In a Nutshell: The Value of Nuts in the Diet

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Nuts are one of the healthiest foods you can snack on. Numerous studies have found that eating nuts regularly is associated with reduced risk of diseases such as heart disease, diabetes, and some cancers.

While there is currently not enough evidence to show that nuts by themselves lower cancer risk, emerging studies suggest they may play a role in prevention. One study found that people who ate nuts at least four times a week had lower risk of cancer overall compared to those eating nuts less than once a week. It can’t be said that nuts alone are responsible for this decreased risk, but it is a good idea to include nuts in the diet if possible, due to their impressive nutrient content.

Nuts are an excellent source of monounsaturated and polyunsaturated fats. Both are healthy fats, known to manage cholesterol levels, which can lower the risk of heart disease. All nuts are good sources of fiber, protein, and micronutrients; however, the specific micronutrients and amounts will vary by type. For example, Brazil nuts are an excellent source of selenium, almonds are a good source of vitamin E, and walnuts are one of the best plant-based sources of omega-3 fatty acids. In order to get the maximum nutritional benefits, it is a good idea to eat a wide variety of nuts.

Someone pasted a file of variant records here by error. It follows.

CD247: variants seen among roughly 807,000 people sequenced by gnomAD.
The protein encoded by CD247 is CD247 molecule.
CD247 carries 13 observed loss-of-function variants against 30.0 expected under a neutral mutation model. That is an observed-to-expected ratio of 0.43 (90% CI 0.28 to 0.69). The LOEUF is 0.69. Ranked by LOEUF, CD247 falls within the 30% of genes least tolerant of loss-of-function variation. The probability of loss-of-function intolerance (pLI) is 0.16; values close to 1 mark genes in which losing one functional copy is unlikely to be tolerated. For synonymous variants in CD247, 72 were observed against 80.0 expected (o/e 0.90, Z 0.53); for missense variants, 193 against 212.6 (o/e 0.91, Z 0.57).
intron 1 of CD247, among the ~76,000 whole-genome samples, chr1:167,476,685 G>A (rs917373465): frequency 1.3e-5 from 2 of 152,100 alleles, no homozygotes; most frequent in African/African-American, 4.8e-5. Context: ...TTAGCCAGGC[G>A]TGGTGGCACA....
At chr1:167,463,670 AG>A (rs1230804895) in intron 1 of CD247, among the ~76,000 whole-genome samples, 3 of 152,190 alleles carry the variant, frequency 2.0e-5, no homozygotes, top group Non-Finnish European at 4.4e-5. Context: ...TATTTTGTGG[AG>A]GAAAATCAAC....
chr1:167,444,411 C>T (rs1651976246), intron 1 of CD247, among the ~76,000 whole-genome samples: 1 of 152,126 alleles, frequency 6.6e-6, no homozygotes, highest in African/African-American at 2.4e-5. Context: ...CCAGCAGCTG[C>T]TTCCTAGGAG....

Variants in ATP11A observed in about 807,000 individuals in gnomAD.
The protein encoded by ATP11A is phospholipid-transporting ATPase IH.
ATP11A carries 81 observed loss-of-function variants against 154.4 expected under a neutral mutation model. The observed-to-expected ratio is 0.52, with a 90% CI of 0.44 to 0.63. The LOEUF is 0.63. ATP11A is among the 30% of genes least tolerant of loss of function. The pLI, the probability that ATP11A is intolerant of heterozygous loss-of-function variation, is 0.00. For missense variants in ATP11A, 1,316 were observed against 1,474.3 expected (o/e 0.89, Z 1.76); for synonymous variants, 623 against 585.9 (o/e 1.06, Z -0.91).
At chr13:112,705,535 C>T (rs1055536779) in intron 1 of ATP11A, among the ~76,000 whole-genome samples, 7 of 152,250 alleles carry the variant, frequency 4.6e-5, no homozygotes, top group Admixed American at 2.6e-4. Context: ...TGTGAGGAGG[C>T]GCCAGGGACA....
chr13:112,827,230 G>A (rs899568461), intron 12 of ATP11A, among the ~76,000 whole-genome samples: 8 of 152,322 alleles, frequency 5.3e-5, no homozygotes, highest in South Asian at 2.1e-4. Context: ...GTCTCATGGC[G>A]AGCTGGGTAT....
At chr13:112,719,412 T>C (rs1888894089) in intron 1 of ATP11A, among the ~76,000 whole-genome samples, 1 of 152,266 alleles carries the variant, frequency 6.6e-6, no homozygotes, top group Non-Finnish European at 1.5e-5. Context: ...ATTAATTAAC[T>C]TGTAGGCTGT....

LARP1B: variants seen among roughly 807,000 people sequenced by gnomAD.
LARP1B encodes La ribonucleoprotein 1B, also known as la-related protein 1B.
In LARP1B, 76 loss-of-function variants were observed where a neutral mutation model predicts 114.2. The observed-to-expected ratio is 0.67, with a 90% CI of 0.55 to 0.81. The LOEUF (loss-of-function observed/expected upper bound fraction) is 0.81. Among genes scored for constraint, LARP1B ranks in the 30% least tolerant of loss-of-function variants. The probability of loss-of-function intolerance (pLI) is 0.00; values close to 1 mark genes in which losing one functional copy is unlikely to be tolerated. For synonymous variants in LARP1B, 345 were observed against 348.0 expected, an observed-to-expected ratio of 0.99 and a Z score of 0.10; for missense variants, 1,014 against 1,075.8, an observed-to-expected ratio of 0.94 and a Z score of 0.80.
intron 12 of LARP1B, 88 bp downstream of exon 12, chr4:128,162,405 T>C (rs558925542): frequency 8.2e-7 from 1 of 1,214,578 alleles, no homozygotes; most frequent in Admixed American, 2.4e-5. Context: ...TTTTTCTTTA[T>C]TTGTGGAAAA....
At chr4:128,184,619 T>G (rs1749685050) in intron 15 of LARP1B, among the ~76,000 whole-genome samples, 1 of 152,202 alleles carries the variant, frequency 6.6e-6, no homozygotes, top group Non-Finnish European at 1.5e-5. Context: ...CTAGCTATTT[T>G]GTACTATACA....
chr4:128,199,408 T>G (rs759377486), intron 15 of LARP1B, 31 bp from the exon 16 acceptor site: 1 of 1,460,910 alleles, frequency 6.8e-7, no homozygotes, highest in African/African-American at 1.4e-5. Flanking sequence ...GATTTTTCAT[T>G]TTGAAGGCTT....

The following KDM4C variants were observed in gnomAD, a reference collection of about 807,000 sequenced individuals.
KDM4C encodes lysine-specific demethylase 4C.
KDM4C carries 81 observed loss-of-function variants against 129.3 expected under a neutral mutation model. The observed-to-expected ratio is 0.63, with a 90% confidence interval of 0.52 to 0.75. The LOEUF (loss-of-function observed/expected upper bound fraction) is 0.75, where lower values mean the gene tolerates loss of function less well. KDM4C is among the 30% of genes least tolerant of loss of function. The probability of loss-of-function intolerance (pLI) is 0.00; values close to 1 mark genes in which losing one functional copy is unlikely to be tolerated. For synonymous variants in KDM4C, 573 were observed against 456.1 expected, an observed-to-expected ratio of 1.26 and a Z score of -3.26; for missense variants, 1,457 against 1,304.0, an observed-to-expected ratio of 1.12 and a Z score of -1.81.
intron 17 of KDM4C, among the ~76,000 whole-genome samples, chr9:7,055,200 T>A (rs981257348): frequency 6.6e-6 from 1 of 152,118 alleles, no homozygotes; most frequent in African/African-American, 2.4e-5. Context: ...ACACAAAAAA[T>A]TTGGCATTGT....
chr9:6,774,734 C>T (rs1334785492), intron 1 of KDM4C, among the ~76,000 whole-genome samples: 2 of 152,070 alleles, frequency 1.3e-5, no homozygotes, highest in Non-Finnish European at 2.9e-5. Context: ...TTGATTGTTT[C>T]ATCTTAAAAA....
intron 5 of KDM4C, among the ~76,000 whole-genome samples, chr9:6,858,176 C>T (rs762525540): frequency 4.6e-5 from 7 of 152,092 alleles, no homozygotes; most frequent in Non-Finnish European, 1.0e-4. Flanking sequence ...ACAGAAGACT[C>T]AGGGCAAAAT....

Portion Control

As nuts are high in calories, it is important to be mindful of eating the correct portion size. The recommended daily allowance (RDA) is one ounce or roughly ¼ cup per day. The recommended serving size of nut butters is two tablespoons. This can be difficult to monitor, but overeating nuts and nut betters can lead to unwanted weight gain.

Tips and Tricks

  • Buy pre-portioned packs of nuts at the supermarket for a healthy snack. A cheaper alternative is to buy a large bag of nuts and portion out the serving size yourself into little plastic bags, which makes for a great on-the-go snack.
  • Incorporate nuts into your diet by putting them into your meals. Throwing a serving of nuts into a salad or other dish is a perfect way to increase the nutrient density of your meal. Check out our Broccoli Cashew Stir Fry or Peanut Butter Banana Smoothie for inspiration.
  • Buy nuts that are raw and unsalted. Salt makes anything more addictive.  If you normally eat salted nuts, try having half unsalted and half salted nuts until your taste buds change, or better yet, purchase raw and unsalted nuts and roast them yourself.

Registered Dietitian Approved

Our recipes, articles, and videos are reviewed by our oncology-trained dietitians to ensure that each is backed with scientific evidence and follows the guidelines set by the Oncology Nutrition for Clinical Practice, 2nd Ed., published by the Oncology Nutrition Dietetic Practice Group, a professional interest group of the Academy of Nutrition and Dietetics, and the American Institute for Cancer Research and the American Cancer Society

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